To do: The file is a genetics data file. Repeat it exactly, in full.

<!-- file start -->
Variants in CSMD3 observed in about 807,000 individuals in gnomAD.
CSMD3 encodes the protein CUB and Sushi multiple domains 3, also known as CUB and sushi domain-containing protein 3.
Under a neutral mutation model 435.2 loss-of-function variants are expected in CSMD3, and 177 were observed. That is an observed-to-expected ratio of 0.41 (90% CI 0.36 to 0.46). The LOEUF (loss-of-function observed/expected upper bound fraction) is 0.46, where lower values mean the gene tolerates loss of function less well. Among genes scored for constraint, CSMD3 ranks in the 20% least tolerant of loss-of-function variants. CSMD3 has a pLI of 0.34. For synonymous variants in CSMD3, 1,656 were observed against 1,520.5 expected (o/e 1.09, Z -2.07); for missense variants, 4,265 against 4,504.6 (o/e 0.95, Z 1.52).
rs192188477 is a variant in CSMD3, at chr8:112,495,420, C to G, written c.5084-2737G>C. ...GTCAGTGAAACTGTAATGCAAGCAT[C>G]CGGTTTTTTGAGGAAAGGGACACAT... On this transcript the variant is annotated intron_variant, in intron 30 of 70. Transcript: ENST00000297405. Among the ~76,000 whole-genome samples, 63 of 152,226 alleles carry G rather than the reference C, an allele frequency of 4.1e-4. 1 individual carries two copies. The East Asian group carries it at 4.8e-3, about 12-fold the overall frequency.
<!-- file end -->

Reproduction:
Variants in CSMD3 observed in about 807,000 individuals in gnomAD.
CSMD3 encodes the protein CUB and Sushi multiple domains 3, also known as CUB and sushi domain-containing protein 3.
Under a neutral mutation model 435.2 loss-of-function variants are expected in CSMD3, and 177 were observed. That is an observed-to-expected ratio of 0.41 (90% CI 0.36 to 0.46). The LOEUF (loss-of-function observed/expected upper bound fraction) is 0.46, where lower values mean the gene tolerates loss of function less well. Among genes scored for constraint, CSMD3 ranks in the 20% least tolerant of loss-of-function variants. CSMD3 has a pLI of 0.34. For synonymous variants in CSMD3, 1,656 were observed against 1,520.5 expected (o/e 1.09, Z -2.07); for missense variants, 4,265 against 4,504.6 (o/e 0.95, Z 1.52).
rs192188477 is a variant in CSMD3, at chr8:112,495,420, C to G, written c.5084-2737G>C. ...GTCAGTGAAACTGTAATGCAAGCAT[C>G]CGGTTTTTTGAGGAAAGGGACACAT... On this transcript the variant is annotated intron_variant, in intron 30 of 70. Transcript: ENST00000297405. Among the ~76,000 whole-genome samples, 63 of 152,226 alleles carry G rather than the reference C, an allele frequency of 4.1e-4. 1 individual carries two copies. The East Asian group carries it at 4.8e-3, about 12-fold the overall frequency.